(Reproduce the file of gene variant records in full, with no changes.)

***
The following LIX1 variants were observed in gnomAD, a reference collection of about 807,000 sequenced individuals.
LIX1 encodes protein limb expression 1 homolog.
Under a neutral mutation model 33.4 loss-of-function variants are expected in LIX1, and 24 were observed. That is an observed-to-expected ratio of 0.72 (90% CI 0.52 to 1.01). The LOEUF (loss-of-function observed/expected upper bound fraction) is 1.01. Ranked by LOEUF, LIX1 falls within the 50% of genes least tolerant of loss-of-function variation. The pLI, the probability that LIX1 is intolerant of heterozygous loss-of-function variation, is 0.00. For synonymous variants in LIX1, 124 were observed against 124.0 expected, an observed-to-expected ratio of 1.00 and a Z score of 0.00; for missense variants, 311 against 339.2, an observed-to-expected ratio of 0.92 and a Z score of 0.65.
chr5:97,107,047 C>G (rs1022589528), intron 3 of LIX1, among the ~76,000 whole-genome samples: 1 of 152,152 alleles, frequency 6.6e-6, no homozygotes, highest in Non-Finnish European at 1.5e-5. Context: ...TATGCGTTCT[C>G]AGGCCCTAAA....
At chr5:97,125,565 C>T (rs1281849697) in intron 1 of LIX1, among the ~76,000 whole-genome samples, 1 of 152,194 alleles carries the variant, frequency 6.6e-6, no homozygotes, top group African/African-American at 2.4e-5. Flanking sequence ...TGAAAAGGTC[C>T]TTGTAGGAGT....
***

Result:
The following LIX1 variants were observed in gnomAD, a reference collection of about 807,000 sequenced individuals.
LIX1 encodes protein limb expression 1 homolog.
Under a neutral mutation model 33.4 loss-of-function variants are expected in LIX1, and 24 were observed. That is an observed-to-expected ratio of 0.72 (90% CI 0.52 to 1.01). The LOEUF (loss-of-function observed/expected upper bound fraction) is 1.01. Ranked by LOEUF, LIX1 falls within the 50% of genes least tolerant of loss-of-function variation. The pLI, the probability that LIX1 is intolerant of heterozygous loss-of-function variation, is 0.00. For synonymous variants in LIX1, 124 were observed against 124.0 expected, an observed-to-expected ratio of 1.00 and a Z score of 0.00; for missense variants, 311 against 339.2, an observed-to-expected ratio of 0.92 and a Z score of 0.65.
chr5:97,107,047 C>G (rs1022589528), intron 3 of LIX1, among the ~76,000 whole-genome samples: 1 of 152,152 alleles, frequency 6.6e-6, no homozygotes, highest in Non-Finnish European at 1.5e-5. Context: ...TATGCGTTCT[C>G]AGGCCCTAAA....
At chr5:97,125,565 C>T (rs1281849697) in intron 1 of LIX1, among the ~76,000 whole-genome samples, 1 of 152,194 alleles carries the variant, frequency 6.6e-6, no homozygotes, top group African/African-American at 2.4e-5. Flanking sequence ...TGAAAAGGTC[C>T]TTGTAGGAGT....